Can Bud Be Saved? America’s Biggest Brewery Keeps Losing Customers

The Wall Street Journal posted this article today, detailing how Luiz Edmond, Anheuser-Busch InBev’s president of North American operations, plans to get Americans to stop ditching their brands. Bud Light and Budweiser keep losing drinkers to smaller breweries and liquor and they’re not really okay with that.

Bud Lime-A-RitaHere’s some numbers for those of you wondering just how much they’ve lost:

  • U.S. Shipments have fallen for three consecutive years, with a 3.2% drop over the last year
  • Since 2008 the share of the U.S. beer market has fallen from 48.9% to 46.9%
  • Operating margins have increased more than 10% over 3 years

Anheuser-Busch is hoping to bring some of their long lost drinkers back with 19 new products that will launch in the U.S. this year, including small-batch “craft” brews, cider, and more tequila and tea based malt beverages. Bud Light Lime-a-Rita, an 8% ABV beverage that will launch in April, supposedly tastes like a margarita.

The Stella Artois brand grew 24% last year and Goose Island experienced more than a 20% growth in that time, so it’s not all bad news. A-B also has big plans to increase the alcohol content in light beers. Bud Light Platinum, which has already captured more than a 1% market share, could be the first of many. Perhaps the demand for Platinum can help them win their distributors back from the rival brands they left for.

All of Mr. Edmond’s strategies sound like smart ideas but I’m interested to see how well they actually work.

Coincidentally, Anheuser-Busch’s loss in market share is happening as production at hundreds of small, independent brewers grew 13% to more than 10 million barrels, a new high. The total U.S. beer market is about 200 million barrels.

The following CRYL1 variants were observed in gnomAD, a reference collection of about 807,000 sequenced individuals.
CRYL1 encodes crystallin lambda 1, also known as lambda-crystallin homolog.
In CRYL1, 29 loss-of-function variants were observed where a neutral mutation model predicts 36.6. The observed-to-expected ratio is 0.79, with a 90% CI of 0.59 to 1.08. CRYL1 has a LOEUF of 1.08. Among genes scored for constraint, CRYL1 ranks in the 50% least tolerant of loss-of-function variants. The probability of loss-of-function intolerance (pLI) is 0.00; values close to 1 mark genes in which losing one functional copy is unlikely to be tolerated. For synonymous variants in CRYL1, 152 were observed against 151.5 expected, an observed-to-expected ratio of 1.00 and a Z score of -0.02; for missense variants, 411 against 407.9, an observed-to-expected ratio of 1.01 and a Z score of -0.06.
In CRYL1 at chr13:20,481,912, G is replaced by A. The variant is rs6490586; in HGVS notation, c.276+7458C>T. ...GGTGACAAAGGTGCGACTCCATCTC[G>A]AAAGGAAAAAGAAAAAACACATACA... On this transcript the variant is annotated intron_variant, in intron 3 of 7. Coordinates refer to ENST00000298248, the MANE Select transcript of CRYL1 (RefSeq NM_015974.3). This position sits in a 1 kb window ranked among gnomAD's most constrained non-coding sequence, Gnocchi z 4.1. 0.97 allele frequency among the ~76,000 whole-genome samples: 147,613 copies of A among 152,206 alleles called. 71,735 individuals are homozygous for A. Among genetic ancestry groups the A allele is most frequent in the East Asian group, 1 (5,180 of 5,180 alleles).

With most things headed in the downward direction, can Budweiser bounce back? With a lot of hard work and the right leadership, it’s definitely possible but we’ll just have to see.

As much as I love my craft beer, the business-minded side of my brain is intrigued by the strategies they’re going with and I’m excited to see how they do.

Regardless of the effectiveness, their somewhat desperate efforts will certainly create a buzz.

[techtags:Budweiser, Bud, Anheuser-Busch, A-B]


  • Tom Rees March 29, 2012 @ 3:23pm

    Ya know, if Bud wanted to improve sales, they need to improve taste, not come up with a bunch of cutsie new drinks. Compared side-by-side, Bud/Bud Lite to many (and about all craft brews) other beers, and it has no real distinguishing taste. While it is phenominal the consistency they have from batch to batch to batch, brewing something that is like alcoholic water just doesn’t get it when there are producers who have beer that has real taste to it. Increase the malt flavors and give it a hops punch and I would imagine the sales will follow.

  • Hannah March 29, 2012 @ 3:28pm

    Tom Rees – As a full-flavored, craft beer lover, I couldn’t agree with you more.

  • bierfesten March 31, 2012 @ 9:53pm

    It is the business side of my craft beer loving brain that also wants to know the methods for which the large boys will fight back those micro % points that Craft is taking. Ultimately these cutesy beers sell to new drinkers who don’t want to drink a beer that seems mispect ‘Lite’ but if they drink something that sounds like a Hard Metal they will think its cool.
    The one thing AB has is distribution and knowledge how to sell large amounts of light beer.

  • O'Shea Shenanigans April 6, 2012 @ 10:20am

    Well said Tom Rees. Here Here! Cheers!

    Note to Bud LIght…If I wanted a Margarita…I would…ya know…order a margarita.

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